Under släktföreningensresa till Estland i september 2019 besöktes Universitetet i Tartu som under ett flertal år stod under rektorskap av vår släkting Andreas Virginius. Ken Ird från University of Tartu Museum höll ett mycket uppskattat föredrag om Virginius och hans tid i Tartu. Nedan har släktföreningen fått ta del av Ken Irds anteckningar inför föreläsningen.
Background to the history of Estonia before the 17th century:
- before 13th century Estonia was inhabited by pagan Estonian tribes;
- in the beginning of the 13th century crusades from German lands and Denmark, conquest and formation of small states governed by German and Danish speaking minority, Estonian speaking people deemed to remain as farming serfs;
- until the beginning the 20th century German speaking higher strata upheld its dominative position in Estonia.
- In the 16th and the 17th century a long period of wars between Russia, Poland, Sweden and Denmark with Sweden for conquering the nowadays Estonia. Sweden ended up a winner in the 1620s.
In 1632 foundation of an academia in Tartu;
- during the time of Polish rule in the second half of the 16th century and the beginning of the 17th century here was a Jesuit gymnasium in Tartu as a base of re-catholicisation of South-Estonia;
- in 1629 Tartu was finally taken from the Poles by Sweden and a year later in 1630 a Lutheran gymnasium was opened as a counterpart to an old catholic Jesuit gymnasium;
- already 1632 this gymnasium was turned into a university with the name of Academia Gustaviana.
On 21st June, 1631 the Swedish king Gustav II Adolf, stationed in Stettin, personally invited Andreas Virginius to fill a post of a professor of theology in the newly founded academia in Tartu ASAP.
Origins of Andreas Virginius and historical background of his homeland Pomerania:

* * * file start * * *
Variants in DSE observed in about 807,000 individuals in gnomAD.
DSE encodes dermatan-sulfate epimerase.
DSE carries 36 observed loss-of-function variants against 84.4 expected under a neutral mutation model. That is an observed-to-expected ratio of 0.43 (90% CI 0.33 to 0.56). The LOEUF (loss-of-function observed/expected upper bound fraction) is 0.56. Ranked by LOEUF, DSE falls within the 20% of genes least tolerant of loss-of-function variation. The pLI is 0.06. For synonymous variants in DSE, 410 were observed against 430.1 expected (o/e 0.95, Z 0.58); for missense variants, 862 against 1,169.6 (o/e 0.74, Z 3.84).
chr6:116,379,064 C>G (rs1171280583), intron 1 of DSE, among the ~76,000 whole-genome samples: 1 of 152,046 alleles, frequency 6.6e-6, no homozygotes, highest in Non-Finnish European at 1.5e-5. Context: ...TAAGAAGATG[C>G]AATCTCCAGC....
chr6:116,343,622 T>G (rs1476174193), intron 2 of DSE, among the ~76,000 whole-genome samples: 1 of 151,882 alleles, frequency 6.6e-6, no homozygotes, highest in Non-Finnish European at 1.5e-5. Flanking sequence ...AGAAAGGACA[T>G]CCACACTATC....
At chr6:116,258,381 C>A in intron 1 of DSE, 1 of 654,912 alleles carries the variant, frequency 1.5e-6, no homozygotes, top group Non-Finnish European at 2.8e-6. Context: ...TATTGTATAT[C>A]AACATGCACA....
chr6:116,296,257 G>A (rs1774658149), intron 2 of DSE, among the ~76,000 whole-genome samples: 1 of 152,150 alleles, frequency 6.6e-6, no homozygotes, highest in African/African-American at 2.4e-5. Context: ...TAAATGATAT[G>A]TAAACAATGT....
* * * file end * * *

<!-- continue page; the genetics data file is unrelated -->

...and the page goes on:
- Andreas Virginius was born in 1596 into a noble family of Pomerania
- during the Thirty Years’ War (1618–1648) the protestant duchy of Pomerania became a battlefield between Habsburg imperial catholic forces and protestant German;
- in 1629 Sweden entered the Thirty Years’ War in order to protect the protestant cause and follow its own imperialistic intentions, thus Pomerania was occupied by the Swedish forces.
Virginius arrived to Tartu already in November 1631 and took active part in the founding of the academia:
- in October 1632 as the primal professor of theology he preached at the festive opening of the university in Tartu St. Mary’s church;
- he became the first pro-rector of the university, but was actually de facto rector, because the first elected rector (rector illustris) was actually 19 years old student Jacob Skytte, son of the local general governor and the first chancellor of the university Johan Skytte, as an honorary gesture towards the high official of the Swedish state;
In 1633 Virginius was elected as a proper rector, the first proper rector, the only nobleman, altogether served the post in the academia four or five times (1633, 1638–1639, 1641–1642, 1645–1646), also he was pro-rector and dean of the faculty of theology on numerous occasions
Academic activities in Academia Gustaviana;
- as primal professor of theology in Tartu, he was the only theology professor remained in office throughout the period of the existence of Academia Gustaviana (1632–1657);
- supervised (in fact mostly co-wrote) 135 dissertations, which formed 2/3 of all the dissertations of theology in the Academia Gustaviana;
- Late scholar Marju Lepajõe, who was one of the best contemporary classical philologists and church historians in Estonia, has argued that Virginius was a sharp witted person who dearly cherished teaching and deemed discussion constructive and essential
Other activities of Virginius in Tartu:
- Member of the local church administration, at some point served there as deputy superintendent. In 1637 he applied for a position of superintendent in Ingria. In 1638 he was appointed inspector of the estates of the academia in Ingria.
- In 1656 during the Swedish-Russian war (1656–1661) the Russian troops conquered Tartu, but allowed every sole to leave the city on their own will. All the professors and students of the academia left to Tallinn, which had still remained under the Swedish rule. Andreas Virginius was the very last to leave Tartu in 1657.
- In 1657 Virginius made try to reopen the academia in Tallinn, but the idea was contested by Tallinn gymnasium due to competitive reasons. The magistrates of Tallinn also objected the idea.
- Virginius fought fiercely for the preservation of the privilege of the academia in Tallinn, but sadly in vain.
- Eventually the academia was allowed to continue with lectures, but soon after Tallinn was smitten with the plague and almost all professors and students fled from Tallinn, including Virginius.
Virginius was ordinated a bishop of Estonia in Stockholm in 1658 and after the cessation of the plague epidemic he returned to Tallinn to serve his bishopric until his death in 1664.
Notes by Ken Ird, University of Tartu Museum 2019–2020